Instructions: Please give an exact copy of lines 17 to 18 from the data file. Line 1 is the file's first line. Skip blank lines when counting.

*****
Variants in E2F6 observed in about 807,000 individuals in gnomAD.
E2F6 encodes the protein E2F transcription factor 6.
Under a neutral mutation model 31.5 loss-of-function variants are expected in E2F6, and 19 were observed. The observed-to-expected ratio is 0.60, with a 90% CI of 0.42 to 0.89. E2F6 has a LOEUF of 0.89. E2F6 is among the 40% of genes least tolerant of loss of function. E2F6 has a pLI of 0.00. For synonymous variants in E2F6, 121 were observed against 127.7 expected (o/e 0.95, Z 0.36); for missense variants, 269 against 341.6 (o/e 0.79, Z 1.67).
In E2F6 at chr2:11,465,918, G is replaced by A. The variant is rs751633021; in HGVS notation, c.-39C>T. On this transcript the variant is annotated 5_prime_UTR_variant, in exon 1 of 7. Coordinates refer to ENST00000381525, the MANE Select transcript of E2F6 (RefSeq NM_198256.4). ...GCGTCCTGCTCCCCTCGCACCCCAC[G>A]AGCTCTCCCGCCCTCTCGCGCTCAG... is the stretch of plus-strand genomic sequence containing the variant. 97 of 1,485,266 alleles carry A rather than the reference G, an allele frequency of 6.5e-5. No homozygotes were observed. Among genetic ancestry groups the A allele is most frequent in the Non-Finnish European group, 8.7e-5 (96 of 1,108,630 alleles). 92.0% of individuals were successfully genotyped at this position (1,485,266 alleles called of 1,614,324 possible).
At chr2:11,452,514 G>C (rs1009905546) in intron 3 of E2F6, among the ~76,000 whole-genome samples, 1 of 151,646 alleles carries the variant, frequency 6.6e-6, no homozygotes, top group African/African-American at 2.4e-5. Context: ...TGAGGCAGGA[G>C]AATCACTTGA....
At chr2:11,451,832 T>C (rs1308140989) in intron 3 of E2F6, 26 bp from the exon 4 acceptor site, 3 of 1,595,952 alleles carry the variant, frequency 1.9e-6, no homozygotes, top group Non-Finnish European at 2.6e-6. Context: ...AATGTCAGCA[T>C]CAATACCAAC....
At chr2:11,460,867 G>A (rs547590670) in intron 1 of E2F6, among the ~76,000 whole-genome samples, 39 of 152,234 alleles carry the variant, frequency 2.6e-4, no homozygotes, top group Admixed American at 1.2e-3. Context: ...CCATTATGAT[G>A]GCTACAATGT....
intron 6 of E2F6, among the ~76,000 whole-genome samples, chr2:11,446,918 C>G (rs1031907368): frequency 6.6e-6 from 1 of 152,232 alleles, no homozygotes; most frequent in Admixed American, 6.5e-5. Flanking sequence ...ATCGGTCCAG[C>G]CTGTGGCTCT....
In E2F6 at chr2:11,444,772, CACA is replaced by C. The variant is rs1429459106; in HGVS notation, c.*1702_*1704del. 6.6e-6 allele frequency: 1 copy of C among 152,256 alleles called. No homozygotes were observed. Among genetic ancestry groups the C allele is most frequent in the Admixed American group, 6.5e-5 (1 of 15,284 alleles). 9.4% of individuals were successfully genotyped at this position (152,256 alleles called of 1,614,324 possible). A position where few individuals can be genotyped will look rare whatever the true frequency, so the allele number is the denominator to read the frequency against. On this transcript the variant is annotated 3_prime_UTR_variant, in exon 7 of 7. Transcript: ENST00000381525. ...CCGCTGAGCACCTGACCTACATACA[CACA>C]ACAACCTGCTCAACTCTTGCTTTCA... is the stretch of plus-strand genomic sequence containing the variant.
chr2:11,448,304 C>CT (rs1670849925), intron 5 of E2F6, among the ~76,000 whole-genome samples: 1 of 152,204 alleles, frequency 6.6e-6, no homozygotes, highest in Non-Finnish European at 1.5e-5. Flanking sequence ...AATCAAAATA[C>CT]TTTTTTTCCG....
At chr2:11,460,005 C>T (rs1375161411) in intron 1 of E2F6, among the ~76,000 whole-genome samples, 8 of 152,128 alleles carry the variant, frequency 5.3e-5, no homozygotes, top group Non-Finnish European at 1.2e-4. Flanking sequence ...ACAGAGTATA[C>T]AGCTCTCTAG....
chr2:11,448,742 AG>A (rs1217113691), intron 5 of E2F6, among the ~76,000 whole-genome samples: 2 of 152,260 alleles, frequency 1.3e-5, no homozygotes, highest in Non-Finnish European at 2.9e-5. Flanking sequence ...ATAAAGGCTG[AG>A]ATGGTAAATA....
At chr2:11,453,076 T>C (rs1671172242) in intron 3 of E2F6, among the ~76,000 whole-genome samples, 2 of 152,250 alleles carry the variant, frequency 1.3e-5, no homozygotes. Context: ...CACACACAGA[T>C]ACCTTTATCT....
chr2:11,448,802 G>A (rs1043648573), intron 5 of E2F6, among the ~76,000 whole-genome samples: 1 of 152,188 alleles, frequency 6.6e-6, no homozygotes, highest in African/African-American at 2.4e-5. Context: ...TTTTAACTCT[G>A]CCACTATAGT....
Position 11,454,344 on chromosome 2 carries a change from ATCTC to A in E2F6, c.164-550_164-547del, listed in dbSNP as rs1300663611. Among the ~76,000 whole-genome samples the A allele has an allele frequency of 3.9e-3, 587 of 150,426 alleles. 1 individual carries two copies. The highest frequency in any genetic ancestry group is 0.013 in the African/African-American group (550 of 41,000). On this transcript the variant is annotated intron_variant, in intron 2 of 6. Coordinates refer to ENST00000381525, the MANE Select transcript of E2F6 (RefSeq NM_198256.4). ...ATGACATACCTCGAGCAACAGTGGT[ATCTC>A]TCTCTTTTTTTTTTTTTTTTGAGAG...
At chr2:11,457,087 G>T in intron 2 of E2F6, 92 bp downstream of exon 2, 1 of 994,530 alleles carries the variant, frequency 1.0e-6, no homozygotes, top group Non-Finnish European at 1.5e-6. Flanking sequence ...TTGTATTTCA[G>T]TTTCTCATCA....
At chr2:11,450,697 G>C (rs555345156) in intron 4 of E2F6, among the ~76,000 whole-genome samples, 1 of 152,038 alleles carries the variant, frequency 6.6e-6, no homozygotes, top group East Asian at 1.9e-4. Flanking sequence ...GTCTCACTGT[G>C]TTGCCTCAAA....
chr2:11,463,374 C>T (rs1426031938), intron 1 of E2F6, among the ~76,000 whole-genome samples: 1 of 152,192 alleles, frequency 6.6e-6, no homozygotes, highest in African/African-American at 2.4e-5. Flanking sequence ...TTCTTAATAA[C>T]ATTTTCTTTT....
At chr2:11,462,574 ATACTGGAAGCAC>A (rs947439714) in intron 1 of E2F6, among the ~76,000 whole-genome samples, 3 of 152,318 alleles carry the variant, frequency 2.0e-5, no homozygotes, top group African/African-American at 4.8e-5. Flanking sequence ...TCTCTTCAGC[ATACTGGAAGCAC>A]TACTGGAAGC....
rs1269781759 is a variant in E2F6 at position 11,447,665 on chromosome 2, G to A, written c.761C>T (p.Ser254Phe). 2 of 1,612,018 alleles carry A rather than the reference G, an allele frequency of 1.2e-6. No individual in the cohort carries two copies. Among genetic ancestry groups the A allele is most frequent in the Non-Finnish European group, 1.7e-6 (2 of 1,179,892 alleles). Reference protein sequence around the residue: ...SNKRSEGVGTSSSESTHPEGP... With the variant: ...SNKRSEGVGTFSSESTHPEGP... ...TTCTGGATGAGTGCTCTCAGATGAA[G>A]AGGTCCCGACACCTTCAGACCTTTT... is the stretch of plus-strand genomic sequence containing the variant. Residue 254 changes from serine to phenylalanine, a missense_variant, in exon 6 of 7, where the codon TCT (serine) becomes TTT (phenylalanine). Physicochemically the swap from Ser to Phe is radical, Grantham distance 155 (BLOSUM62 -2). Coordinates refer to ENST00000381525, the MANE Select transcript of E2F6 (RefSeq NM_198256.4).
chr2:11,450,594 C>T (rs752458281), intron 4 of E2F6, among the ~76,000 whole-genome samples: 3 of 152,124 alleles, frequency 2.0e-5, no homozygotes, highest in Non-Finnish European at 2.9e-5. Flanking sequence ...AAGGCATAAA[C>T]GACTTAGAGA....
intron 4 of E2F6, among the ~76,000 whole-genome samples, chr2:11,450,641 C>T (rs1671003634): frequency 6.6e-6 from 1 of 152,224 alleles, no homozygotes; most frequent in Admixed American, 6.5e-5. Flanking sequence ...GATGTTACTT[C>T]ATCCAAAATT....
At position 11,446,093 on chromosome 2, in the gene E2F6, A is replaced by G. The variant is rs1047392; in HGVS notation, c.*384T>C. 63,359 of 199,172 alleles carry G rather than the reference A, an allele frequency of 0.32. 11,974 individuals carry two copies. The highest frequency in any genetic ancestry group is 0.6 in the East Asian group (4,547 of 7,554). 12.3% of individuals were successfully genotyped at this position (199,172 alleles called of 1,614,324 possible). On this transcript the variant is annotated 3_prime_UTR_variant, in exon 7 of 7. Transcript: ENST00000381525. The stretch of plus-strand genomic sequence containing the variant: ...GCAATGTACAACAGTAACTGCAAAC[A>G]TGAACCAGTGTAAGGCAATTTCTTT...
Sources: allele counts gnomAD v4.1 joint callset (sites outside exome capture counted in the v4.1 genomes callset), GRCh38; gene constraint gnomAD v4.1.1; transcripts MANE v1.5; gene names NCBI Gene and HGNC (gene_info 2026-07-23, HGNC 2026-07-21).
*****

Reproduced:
At chr2:11,450,697 G>C (rs555345156) in intron 4 of E2F6, among the ~76,000 whole-genome samples, 1 of 152,038 alleles carries the variant, frequency 6.6e-6, no homozygotes, top group East Asian at 1.9e-4. Flanking sequence ...GTCTCACTGT[G>C]TTGCCTCAAA....
chr2:11,463,374 C>T (rs1426031938), intron 1 of E2F6, among the ~76,000 whole-genome samples: 1 of 152,192 alleles, frequency 6.6e-6, no homozygotes, highest in African/African-American at 2.4e-5. Flanking sequence ...TTCTTAATAA[C>T]ATTTTCTTTT....